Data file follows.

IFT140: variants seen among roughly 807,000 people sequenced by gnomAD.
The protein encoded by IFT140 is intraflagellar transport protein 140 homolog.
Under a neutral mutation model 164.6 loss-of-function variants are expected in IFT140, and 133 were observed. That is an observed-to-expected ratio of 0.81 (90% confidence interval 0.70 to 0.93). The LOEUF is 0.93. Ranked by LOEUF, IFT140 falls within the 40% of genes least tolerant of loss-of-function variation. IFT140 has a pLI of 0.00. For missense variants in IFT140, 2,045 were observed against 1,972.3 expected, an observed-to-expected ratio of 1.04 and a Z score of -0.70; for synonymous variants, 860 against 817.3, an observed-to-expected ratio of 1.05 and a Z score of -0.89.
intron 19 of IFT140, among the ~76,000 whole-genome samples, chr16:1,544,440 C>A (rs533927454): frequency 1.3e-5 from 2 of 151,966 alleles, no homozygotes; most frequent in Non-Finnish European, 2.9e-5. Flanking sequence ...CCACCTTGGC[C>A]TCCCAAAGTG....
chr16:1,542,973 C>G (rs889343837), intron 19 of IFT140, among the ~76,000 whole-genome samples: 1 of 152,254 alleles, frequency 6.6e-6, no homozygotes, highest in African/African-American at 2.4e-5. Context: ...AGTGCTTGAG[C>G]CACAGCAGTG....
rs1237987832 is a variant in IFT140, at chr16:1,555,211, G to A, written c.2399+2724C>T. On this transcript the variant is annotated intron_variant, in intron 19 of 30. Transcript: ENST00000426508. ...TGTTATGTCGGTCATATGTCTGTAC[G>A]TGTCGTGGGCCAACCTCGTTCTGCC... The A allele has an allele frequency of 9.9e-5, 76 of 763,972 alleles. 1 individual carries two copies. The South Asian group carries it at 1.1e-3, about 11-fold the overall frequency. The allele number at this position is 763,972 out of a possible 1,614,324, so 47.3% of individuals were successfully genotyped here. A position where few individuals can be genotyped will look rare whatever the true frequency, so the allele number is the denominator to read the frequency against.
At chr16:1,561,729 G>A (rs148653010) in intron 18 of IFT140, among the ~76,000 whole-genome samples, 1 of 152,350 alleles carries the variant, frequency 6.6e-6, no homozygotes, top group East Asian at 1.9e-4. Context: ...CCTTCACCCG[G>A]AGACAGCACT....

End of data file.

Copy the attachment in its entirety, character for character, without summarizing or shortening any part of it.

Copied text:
IFT140: variants seen among roughly 807,000 people sequenced by gnomAD.
The protein encoded by IFT140 is intraflagellar transport protein 140 homolog.
Under a neutral mutation model 164.6 loss-of-function variants are expected in IFT140, and 133 were observed. That is an observed-to-expected ratio of 0.81 (90% confidence interval 0.70 to 0.93). The LOEUF is 0.93. Ranked by LOEUF, IFT140 falls within the 40% of genes least tolerant of loss-of-function variation. IFT140 has a pLI of 0.00. For missense variants in IFT140, 2,045 were observed against 1,972.3 expected, an observed-to-expected ratio of 1.04 and a Z score of -0.70; for synonymous variants, 860 against 817.3, an observed-to-expected ratio of 1.05 and a Z score of -0.89.
intron 19 of IFT140, among the ~76,000 whole-genome samples, chr16:1,544,440 C>A (rs533927454): frequency 1.3e-5 from 2 of 151,966 alleles, no homozygotes; most frequent in Non-Finnish European, 2.9e-5. Flanking sequence ...CCACCTTGGC[C>A]TCCCAAAGTG....
chr16:1,542,973 C>G (rs889343837), intron 19 of IFT140, among the ~76,000 whole-genome samples: 1 of 152,254 alleles, frequency 6.6e-6, no homozygotes, highest in African/African-American at 2.4e-5. Context: ...AGTGCTTGAG[C>G]CACAGCAGTG....
rs1237987832 is a variant in IFT140, at chr16:1,555,211, G to A, written c.2399+2724C>T. On this transcript the variant is annotated intron_variant, in intron 19 of 30. Transcript: ENST00000426508. ...TGTTATGTCGGTCATATGTCTGTAC[G>A]TGTCGTGGGCCAACCTCGTTCTGCC... The A allele has an allele frequency of 9.9e-5, 76 of 763,972 alleles. 1 individual carries two copies. The South Asian group carries it at 1.1e-3, about 11-fold the overall frequency. The allele number at this position is 763,972 out of a possible 1,614,324, so 47.3% of individuals were successfully genotyped here. A position where few individuals can be genotyped will look rare whatever the true frequency, so the allele number is the denominator to read the frequency against.
At chr16:1,561,729 G>A (rs148653010) in intron 18 of IFT140, among the ~76,000 whole-genome samples, 1 of 152,350 alleles carries the variant, frequency 6.6e-6, no homozygotes, top group East Asian at 1.9e-4. Context: ...CCTTCACCCG[G>A]AGACAGCACT....